Ah, another night, another midnight bedtime, I think to myself (again) as my head hits the pillow.
I have always been a night owl, and you’d think since becoming a parent I would have switched from night owl to early bird…but…I haven’t.
I mean, I still have to get up early with my children. But, I also still go to bed late—for a variety of reasons. The desire to get time to myself almost always beats out getting a great night’s sleep.
Why, when Arianna Huffington has proclaimed sleep to be the key to success? If sleep is her superpower, mine must be surviving daily on 6 hours of sleep and lots and lots of coffee. (I mean, isn’t that why there are so many coffee/mom memes out there?)
Why, when the Public Library of Science Journal tells us that people who sleep around 6 hours a night have a waistline that’s 1.2 inches larger than those getting around 9 hours? (So, if I sleep more does that mean I don’t have to exercise then? Because maybe I can get down with that…)
Why, when we are told that our sleep schedules are just as important as our children’s?
Why, when we KNOW we are working around 98 hour weeks and absolutely could use any extra rest we can get?
Why, when the mental load of motherhood is exhausting and I know that but yet I continue to push ‘rest’ down to the bottom of my to-do list?
Well, let me tell you…
I stay up late because the allure of peace and quiet—while everyone else sleeps—is too appealing to miss out on.
I stay up late because the desire to have time to myself—to do whatever I want, without answering to anyone else—is too precious to pass up.
I stay up late because I want time to zone out and binge watch Parenthood without feeling like I need to be doing anything else.
I stay up late because my passion for my work runs deep, and sometimes I just can’t seem to switch it off.
I stay up late because I want to finally start that book I bought a month ago.
I stay up late because I want to do a face mask and sit in the tub without feeling rushed.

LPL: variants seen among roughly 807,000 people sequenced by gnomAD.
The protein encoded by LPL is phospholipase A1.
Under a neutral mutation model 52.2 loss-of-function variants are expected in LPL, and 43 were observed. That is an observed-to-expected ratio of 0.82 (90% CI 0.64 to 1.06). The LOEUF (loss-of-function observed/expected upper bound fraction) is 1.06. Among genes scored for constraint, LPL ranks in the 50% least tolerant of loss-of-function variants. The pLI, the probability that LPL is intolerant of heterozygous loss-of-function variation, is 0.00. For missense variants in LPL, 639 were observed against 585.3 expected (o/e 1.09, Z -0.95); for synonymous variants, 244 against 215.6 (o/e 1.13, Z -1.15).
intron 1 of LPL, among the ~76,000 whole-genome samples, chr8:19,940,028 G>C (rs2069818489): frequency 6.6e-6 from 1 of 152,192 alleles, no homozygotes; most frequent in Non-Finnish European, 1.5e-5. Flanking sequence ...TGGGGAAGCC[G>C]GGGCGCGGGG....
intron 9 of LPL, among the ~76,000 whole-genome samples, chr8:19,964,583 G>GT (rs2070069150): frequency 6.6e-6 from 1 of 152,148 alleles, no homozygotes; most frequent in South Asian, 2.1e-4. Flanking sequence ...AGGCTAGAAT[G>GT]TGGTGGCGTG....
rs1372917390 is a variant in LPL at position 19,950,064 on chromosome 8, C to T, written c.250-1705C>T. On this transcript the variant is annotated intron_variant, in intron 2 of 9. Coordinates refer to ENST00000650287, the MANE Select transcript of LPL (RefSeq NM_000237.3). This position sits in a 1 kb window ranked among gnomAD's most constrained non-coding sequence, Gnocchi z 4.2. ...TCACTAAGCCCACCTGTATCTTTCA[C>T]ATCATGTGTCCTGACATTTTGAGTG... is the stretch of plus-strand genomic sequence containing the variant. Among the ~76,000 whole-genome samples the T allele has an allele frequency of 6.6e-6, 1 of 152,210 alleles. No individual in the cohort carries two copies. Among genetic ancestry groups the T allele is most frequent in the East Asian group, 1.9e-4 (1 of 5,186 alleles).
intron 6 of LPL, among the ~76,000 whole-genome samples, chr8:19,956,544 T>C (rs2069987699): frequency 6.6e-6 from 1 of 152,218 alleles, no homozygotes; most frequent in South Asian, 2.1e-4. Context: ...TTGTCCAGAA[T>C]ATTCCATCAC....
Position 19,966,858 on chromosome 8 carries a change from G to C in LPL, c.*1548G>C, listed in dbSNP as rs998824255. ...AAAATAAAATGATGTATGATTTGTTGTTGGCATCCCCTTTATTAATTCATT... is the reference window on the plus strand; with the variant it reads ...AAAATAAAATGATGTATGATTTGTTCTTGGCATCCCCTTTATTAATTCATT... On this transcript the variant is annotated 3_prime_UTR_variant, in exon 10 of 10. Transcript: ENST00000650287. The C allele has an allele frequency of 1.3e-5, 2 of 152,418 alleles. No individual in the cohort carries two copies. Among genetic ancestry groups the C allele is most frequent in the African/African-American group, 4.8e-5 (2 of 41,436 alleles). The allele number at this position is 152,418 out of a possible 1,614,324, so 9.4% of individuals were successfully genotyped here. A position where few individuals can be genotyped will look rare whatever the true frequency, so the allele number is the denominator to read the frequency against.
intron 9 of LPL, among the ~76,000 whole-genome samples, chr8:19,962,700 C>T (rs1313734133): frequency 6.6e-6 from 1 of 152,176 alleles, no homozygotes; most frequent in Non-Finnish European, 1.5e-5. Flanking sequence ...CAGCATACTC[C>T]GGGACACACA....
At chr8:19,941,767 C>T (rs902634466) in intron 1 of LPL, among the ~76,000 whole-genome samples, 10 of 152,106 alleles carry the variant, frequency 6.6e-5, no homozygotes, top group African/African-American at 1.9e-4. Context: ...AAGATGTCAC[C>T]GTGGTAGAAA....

I stay up late because I want a sliver of time to feel like “human-adult-me.” Not “mom-wife-me.” Just me.
I stay up late because I want time to let my brain think and process—without distractions and noise.
I stay up late because at 11:00 p.m. toddlers aren’t asking to go to the park or to make waffles. (Usually.)
I stay up late because I am mildly addicted to technology and often find myself mindlessly scrolling through Facebook and Instagram to catch up on what’s going on in the world before I give in to sleep.
I stay up late because I can’t seem to be okay with the fact that I don’t get any time to myself during the day. Does time while sleeping count as “time to myself?”
(I don’t think I can survive on my “me time” also being my sleep time…)
I stay up late because I always have. And my life as a mother has changed enough for me. I want to keep this part of my past non-mom life in tact. (I’m stubborn like that.)
I stay up late because even the “you need to go to bed earlier!” talks I get from my husband don’t make me feel bad enough to stop this addiction.
I stay up late because no matter how many times I go to bed late, then wake up and swear “I’m going to bed at 9:30 tonight no matter what!”—I literally never do.
These late night hours are my time to be selfish. To think of me—and me only. In this world of motherhood, we don’t often get time or space to put our needs first. Because throughout the day, the needs of others must be filled. But late at night, my people are all safely, peacefully sleeping, and I can focus on whatever is calling to me in the moment.